Akihabara News (Tokyo) — About three years ago the Grand Hyatt Tokyo built an organic garden along the urban skyline, allowing the head chef to boast that some of the vegetables being consumed by his patrons had been grown right there on location by the restaurant staff.
“That was probably the first organic hotel garden in Tokyo,” comments Jon Walsh, the New Zealander who was brought in as a consultant to establish this little garden in the sky.
Walsh, who describes himself as probably being “the only native English-speaking professional urban farming consultant in Japan,” first established his company Business Grow in 2002. At first, it was simply a boutique corporate communications company, but for most of the past decade he has shifted its focus to urban farming.
Recently, he says, the business is “going skyward.”
For Walsh, the rising popularity of urban farming is really a no-brainer. It can bring multiple benefits to Japan, including the improvement of the nation’s low food self-sufficiency rate, as well as climate change benefits such as the reduction of heat usage through better insulation and less need to truck food in from the countryside.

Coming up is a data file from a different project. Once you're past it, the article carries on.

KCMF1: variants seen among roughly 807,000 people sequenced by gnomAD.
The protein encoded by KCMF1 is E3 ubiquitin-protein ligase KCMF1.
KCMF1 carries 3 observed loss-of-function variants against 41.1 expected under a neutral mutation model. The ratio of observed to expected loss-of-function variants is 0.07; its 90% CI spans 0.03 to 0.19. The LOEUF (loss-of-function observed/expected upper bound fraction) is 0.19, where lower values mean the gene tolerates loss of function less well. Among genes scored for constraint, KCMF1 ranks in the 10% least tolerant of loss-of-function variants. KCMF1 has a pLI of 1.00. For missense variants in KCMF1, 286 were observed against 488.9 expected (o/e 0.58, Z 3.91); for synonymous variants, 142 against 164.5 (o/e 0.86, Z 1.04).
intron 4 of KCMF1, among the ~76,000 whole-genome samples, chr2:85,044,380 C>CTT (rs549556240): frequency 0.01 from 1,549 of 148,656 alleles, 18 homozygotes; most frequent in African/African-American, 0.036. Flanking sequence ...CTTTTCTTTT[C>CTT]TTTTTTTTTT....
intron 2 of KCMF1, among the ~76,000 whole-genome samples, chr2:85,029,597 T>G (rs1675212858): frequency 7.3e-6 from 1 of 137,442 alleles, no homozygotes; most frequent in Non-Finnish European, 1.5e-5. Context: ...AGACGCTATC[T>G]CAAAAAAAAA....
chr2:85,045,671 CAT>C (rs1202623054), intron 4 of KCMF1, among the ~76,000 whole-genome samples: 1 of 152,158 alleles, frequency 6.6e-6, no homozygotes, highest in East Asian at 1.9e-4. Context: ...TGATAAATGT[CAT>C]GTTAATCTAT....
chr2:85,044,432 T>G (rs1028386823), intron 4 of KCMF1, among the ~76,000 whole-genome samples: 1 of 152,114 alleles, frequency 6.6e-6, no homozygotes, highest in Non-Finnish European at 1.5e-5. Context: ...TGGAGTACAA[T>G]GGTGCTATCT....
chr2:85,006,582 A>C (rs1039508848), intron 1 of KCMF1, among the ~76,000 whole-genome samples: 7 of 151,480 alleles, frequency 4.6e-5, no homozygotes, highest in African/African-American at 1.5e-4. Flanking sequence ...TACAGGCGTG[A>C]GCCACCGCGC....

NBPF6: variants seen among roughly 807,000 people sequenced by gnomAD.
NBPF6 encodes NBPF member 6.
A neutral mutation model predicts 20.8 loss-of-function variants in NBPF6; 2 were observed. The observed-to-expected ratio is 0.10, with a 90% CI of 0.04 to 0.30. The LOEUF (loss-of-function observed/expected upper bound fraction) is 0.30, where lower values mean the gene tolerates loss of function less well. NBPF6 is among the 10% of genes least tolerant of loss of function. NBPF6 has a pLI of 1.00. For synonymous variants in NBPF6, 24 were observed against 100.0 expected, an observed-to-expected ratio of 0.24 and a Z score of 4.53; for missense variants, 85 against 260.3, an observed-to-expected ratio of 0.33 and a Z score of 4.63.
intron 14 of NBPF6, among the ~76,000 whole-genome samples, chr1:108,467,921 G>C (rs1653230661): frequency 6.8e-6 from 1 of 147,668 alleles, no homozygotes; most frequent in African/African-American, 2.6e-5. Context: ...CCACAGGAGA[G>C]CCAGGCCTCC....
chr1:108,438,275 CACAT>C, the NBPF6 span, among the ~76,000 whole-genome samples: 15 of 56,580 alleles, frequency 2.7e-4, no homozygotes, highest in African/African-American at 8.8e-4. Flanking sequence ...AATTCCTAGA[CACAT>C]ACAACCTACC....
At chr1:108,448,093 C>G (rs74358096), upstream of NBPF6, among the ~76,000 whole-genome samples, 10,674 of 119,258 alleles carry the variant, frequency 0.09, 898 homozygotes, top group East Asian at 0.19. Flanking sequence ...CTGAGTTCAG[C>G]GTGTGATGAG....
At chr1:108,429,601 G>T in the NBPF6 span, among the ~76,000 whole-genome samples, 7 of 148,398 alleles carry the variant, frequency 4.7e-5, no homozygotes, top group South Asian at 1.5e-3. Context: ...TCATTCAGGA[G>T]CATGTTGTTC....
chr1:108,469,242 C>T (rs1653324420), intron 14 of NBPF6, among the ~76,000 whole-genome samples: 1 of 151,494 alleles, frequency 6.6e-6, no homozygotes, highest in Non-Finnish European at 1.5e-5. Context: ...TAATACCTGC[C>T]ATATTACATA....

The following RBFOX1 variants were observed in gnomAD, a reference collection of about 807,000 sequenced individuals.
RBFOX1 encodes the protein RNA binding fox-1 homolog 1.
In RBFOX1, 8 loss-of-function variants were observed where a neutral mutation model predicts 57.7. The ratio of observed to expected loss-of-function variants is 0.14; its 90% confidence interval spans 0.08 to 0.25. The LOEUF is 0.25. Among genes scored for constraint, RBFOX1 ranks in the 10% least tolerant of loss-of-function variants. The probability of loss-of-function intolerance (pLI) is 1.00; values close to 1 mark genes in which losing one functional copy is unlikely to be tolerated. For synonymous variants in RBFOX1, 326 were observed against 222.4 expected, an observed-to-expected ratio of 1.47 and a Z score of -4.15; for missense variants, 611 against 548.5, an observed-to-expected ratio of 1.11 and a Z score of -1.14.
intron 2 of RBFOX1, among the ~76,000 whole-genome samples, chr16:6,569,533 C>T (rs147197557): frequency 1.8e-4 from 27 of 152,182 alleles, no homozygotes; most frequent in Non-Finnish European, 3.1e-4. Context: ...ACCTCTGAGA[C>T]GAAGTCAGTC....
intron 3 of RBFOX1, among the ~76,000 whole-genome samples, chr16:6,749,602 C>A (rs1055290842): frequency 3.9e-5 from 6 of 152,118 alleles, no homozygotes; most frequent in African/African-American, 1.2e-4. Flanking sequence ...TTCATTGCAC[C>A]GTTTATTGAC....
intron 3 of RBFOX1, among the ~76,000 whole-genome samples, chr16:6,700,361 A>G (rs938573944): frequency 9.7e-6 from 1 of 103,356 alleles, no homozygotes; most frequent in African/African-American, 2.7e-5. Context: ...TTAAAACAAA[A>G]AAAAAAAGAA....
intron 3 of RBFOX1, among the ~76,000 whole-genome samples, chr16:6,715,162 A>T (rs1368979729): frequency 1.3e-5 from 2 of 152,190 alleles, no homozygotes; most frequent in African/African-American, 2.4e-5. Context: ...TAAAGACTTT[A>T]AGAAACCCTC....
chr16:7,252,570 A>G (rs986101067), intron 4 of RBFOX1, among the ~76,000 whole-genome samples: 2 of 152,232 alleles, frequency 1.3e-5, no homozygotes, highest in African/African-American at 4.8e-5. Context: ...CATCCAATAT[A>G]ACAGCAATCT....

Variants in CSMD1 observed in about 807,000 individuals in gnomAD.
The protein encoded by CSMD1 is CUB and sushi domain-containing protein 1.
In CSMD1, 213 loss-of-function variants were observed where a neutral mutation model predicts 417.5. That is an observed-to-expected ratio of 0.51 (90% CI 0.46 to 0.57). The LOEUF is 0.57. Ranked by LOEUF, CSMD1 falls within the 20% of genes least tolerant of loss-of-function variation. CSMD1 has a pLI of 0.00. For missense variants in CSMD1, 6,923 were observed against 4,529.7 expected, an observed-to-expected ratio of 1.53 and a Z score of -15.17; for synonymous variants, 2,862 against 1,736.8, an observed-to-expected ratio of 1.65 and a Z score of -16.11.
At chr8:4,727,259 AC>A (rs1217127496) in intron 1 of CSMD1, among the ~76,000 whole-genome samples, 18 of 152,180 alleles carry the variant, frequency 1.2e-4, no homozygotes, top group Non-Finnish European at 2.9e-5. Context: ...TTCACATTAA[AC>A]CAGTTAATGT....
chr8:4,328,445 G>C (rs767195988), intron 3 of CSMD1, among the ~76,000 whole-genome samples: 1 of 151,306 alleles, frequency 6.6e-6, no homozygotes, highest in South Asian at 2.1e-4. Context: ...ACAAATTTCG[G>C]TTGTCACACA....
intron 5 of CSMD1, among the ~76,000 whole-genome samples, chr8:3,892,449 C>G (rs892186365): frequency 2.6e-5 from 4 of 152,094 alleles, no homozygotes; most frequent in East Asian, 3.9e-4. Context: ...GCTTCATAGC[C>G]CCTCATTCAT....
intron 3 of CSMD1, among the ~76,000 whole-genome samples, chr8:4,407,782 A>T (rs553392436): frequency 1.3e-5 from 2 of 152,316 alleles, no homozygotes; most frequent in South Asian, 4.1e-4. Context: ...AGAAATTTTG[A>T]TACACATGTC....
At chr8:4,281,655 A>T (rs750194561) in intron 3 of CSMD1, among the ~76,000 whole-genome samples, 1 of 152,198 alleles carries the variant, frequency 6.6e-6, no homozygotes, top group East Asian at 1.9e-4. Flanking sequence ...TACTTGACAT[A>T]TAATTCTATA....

Moreover, such organic food is also more healthy: Being fresher means higher nutritional content. People would also consume fewer pesticides.
Much of the infrastructure for urban farming already exists. Basically any sunlit space can be used. “Rooftops are the best places because they typically get the best sunshine,” he observes. “There’s huge potential to grow food in any major city.”
Walsh has many ideas about where we might see such urban farms in the future. “Every supermarket with a flat roof should be growing food up there in a greenhouse,” he contends. He also envisions hospitals with rooftop gardens where patients can get some outdoor time and enjoy gardening for therapeutic purposes.
So far, Walsh has built or supported over forty urban farms in Tokyo.
He notes that “our grandparents basically grew food organically” and now it is time for urbanites to regain some of the skills that people used to take for granted.
Source: Akihabara News – Gardens Growing on Tokyo Rooftops